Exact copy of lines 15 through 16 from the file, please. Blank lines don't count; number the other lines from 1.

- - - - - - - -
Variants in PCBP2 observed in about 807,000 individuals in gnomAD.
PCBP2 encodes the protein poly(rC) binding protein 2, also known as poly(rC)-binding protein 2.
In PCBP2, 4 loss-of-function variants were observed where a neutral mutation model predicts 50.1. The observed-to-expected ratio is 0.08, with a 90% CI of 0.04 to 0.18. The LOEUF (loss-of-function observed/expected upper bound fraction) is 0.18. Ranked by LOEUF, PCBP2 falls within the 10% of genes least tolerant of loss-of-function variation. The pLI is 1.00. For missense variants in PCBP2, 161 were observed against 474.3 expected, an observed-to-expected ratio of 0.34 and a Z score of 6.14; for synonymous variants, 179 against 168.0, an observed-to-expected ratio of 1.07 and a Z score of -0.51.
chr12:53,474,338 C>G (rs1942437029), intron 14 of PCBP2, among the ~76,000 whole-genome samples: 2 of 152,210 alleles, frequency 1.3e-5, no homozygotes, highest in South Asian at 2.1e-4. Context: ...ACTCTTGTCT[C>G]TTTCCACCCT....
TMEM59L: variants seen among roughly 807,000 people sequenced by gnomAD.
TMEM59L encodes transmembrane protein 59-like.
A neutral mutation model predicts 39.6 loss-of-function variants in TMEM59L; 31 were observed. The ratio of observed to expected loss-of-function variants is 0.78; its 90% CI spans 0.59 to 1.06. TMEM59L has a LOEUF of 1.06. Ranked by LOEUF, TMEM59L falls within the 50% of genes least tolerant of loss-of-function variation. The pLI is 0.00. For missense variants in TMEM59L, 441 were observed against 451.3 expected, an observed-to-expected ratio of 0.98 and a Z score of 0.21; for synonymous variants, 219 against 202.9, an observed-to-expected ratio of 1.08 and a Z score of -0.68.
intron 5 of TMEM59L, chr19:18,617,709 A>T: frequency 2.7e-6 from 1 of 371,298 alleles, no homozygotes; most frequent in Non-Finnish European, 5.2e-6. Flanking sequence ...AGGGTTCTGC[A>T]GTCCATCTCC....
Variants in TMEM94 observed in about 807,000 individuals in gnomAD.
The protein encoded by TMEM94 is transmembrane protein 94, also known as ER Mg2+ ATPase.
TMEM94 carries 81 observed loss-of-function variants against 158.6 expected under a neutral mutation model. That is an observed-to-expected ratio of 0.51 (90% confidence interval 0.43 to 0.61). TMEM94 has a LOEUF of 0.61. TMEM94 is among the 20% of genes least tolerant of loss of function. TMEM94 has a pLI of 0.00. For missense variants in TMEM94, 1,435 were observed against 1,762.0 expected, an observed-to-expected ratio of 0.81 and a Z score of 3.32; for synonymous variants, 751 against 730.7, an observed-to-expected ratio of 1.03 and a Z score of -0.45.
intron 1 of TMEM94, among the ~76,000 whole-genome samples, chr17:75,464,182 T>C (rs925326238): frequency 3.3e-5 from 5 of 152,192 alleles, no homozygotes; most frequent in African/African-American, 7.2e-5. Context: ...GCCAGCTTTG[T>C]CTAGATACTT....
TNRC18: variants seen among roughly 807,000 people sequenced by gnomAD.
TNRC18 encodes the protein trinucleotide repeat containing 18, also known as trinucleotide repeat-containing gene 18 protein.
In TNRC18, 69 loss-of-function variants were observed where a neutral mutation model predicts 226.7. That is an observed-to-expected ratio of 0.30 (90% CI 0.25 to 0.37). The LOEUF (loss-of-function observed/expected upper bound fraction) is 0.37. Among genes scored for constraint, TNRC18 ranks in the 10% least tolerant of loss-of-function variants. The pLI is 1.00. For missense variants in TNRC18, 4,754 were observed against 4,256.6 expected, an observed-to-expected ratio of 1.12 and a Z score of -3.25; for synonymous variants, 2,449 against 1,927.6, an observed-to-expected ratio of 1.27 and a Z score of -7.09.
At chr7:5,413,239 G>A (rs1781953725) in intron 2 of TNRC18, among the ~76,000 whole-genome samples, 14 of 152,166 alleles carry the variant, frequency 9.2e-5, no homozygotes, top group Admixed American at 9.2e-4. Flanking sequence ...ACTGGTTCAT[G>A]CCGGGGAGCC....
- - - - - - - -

In TNRC18, 69 loss-of-function variants were observed where a neutral mutation model predicts 226.7. That is an observed-to-expected ratio of 0.30 (90% CI 0.25 to 0.37). The LOEUF (loss-of-function observed/expected upper bound fraction) is 0.37. Among genes scored for constraint, TNRC18 ranks in the 10% least tolerant of loss-of-function variants. The pLI is 1.00. For missense variants in TNRC18, 4,754 were observed against 4,256.6 expected, an observed-to-expected ratio of 1.12 and a Z score of -3.25; for synonymous variants, 2,449 against 1,927.6, an observed-to-expected ratio of 1.27 and a Z score of -7.09.
At chr7:5,413,239 G>A (rs1781953725) in intron 2 of TNRC18, among the ~76,000 whole-genome samples, 14 of 152,166 alleles carry the variant, frequency 9.2e-5, no homozygotes, top group Admixed American at 9.2e-4. Flanking sequence ...ACTGGTTCAT[G>A]CCGGGGAGCC....